Frank: Blake Island's original name is recorded as "Tah-tsoh." It means bullhead fish. The island was never home to any permanent village sites, but was part of the seasonal rounds that were made during the warmer months to gather supplies for the winter. It is believed that in 1786, during these seasonal rounds, the boy who would grow to be Chief Seattle first drew breath upon the beaches just south of Tillicum Village. Chief Seattle was a member of 2 tribes. His mother was from The Duwamish tribe located in and around the area where modern day Seattle now sits. His father was from The Suquamish tribe. The island is found just to the south of the Suquamish reservation at Port Gamble, and in their territorial waters.
The Live Performance
Frank: The show consists of 5 songs and dances from tribes in the area. My favorites are the Ancestral dance from the David family and the Parade of masks. The ancestral dance is an important dance to me, because it beautifully signifies our relationship to our past and obligation to the future with beautiful imagery. The parade of masks is quite stunning due to the use of some of the largest masks from the region. My favorite mask is 6 feet long and weighs 40 pounds.
Do's and Don'ts
Quinn: Don't try to make it the entire way around the island in one trip! Luckily you can mix-and-match our public tours to spend more time exploring, or even camping on, beautiful Blake Island State Park.
Frank: I think most people know the basics. Please don't call anyone chief, none of us on the island hold that title. Also, costume is not correct to describe the clothing worn. The accepted terminology is "regalia." During the show, flash photography is prohibited. We try to encourage guests not to open the doors of the longitude while the performance is occurring. The Do's are easy! Please feel free to applaud for our performers. Please feel free to ask questions, and please have a good time.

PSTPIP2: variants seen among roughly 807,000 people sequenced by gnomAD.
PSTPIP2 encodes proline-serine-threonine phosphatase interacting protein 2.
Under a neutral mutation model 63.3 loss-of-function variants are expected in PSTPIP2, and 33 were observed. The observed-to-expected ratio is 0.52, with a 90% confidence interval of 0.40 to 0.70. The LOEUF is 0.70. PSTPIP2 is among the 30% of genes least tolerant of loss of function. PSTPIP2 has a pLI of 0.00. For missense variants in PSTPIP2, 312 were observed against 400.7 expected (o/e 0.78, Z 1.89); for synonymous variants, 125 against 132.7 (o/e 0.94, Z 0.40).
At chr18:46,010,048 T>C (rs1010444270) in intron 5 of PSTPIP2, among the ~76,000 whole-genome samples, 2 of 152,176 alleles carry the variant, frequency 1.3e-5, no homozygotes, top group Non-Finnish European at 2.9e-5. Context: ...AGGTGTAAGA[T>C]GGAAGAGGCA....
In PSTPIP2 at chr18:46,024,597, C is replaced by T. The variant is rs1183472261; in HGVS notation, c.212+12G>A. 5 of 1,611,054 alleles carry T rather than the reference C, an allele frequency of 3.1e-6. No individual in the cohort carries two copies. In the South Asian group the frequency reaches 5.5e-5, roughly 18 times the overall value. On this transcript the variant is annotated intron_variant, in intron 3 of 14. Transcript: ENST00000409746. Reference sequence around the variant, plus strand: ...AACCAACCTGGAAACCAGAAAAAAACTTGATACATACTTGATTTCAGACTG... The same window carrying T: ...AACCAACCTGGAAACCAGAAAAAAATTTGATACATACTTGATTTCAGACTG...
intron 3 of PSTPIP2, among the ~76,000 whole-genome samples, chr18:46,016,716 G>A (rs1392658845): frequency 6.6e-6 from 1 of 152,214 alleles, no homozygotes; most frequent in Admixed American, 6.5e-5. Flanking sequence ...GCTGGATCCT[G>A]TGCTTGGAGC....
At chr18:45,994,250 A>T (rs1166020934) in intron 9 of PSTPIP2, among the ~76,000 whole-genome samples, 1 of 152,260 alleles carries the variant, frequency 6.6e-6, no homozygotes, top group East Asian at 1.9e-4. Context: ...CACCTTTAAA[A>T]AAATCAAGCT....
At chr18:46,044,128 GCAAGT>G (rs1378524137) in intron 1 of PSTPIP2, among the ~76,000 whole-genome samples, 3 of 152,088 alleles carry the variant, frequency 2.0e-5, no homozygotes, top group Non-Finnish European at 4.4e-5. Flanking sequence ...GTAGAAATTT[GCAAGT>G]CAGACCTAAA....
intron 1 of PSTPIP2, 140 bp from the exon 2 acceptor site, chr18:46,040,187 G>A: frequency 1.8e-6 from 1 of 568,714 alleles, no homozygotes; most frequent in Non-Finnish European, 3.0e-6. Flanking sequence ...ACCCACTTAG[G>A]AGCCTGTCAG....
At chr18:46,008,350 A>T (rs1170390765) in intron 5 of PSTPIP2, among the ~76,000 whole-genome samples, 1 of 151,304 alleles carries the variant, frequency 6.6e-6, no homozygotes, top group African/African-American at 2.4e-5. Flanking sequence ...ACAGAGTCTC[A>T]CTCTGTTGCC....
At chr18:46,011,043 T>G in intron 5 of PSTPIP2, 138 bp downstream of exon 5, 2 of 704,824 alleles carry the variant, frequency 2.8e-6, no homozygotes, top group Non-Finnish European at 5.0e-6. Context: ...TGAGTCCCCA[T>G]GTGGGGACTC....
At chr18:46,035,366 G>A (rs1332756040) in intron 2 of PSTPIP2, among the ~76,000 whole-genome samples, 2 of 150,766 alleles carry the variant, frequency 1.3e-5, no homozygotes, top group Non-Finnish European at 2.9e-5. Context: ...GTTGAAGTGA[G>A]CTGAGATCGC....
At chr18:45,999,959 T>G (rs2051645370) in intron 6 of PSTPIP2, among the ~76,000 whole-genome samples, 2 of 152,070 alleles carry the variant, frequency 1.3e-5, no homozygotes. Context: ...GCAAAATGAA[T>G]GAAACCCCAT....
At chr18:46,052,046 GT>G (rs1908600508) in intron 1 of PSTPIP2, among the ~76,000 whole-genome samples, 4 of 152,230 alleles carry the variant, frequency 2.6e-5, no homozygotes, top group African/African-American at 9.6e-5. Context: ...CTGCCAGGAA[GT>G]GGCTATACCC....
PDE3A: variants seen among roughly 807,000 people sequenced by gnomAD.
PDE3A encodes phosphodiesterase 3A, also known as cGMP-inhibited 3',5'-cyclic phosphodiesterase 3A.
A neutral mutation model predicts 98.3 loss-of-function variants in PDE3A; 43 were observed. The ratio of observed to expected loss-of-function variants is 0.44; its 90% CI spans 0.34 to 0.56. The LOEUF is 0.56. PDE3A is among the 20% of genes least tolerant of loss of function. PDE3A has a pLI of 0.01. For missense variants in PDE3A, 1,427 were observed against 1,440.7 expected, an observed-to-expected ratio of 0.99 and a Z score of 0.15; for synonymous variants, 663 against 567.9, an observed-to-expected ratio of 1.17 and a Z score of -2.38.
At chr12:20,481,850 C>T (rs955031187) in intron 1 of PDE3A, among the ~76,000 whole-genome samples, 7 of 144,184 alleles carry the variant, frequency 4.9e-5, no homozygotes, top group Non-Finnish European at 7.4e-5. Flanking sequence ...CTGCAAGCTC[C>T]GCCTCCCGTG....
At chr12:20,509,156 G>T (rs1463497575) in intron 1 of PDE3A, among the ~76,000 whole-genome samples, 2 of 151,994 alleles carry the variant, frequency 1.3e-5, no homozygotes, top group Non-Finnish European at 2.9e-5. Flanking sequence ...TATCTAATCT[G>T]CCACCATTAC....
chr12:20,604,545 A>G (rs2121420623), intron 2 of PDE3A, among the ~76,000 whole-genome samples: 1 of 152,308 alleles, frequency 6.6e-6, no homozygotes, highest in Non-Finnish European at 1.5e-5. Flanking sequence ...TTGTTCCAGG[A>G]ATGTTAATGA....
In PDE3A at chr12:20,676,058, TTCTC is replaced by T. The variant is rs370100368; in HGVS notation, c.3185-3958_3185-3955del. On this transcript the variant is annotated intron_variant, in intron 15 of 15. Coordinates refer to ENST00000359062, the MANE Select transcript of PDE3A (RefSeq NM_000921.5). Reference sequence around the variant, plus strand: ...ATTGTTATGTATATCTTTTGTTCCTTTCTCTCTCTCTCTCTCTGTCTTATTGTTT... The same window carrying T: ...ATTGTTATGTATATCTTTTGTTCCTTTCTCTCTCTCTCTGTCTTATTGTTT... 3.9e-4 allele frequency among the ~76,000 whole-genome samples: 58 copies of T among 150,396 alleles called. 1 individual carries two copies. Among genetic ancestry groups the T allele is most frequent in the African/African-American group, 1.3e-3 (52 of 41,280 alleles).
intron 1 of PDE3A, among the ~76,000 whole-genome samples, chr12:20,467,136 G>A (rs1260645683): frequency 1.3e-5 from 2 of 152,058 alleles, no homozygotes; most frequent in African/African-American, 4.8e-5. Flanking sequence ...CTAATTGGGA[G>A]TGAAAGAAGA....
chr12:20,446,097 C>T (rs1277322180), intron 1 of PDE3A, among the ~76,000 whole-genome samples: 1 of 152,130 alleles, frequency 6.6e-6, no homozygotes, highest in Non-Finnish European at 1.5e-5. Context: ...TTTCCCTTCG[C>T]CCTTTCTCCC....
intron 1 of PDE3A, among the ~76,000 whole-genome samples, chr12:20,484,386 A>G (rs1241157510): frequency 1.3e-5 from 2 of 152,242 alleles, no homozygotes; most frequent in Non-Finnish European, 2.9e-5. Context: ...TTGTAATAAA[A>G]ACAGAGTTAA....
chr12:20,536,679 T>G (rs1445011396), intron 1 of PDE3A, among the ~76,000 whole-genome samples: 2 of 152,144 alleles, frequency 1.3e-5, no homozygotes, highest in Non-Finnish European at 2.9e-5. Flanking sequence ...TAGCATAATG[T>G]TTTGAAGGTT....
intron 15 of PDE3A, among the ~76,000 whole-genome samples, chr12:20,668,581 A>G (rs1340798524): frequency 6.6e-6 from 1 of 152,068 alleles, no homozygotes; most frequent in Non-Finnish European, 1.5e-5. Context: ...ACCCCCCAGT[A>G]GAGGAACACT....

Quinn: Longhouses have traditionally been home to winter ceremonials, gathering communities together in the darkest months to share stories, songs, and dances around the warmth of family and firelight.
How to Take Something Home
Quinn: There is a fantastic variety of artists from Washington and the broader Pacific Northwest represented in the gift gallery—find something that speaks to you! Nancy Burgess is a master weaver in the Haida tradition; her awe-inspiring baskets and ceremonial hats are available for purchase, and you may have the opportunity to meet her as she demonstrates this ancient art form.
Frank: I have to admit, I am addicted to books. We have a good selection of books pertaining to the cultures in the area. You can choose anything from children's books all the way up to some pretty academic approaches to the topics. Just a few types of topics covered are cookbooks, art, canoes, the cedar tree and its uses, and mythological stories. I do have to say I also like the t-shirts and sweatshirts adorned with artwork from the tribes. These are pretty fun souvenirs for people to remember their time here with us.
The Tillicum Village Experience is run on a seasonal basis. Please check the schedule here. It is offered to CityPASS holders at a discounted rate. Adults and seniors, $60 (regularly $89); ages 4-12, $23 (regularly $32); ages 3 and under, free.
(Top photo credit: JMabel)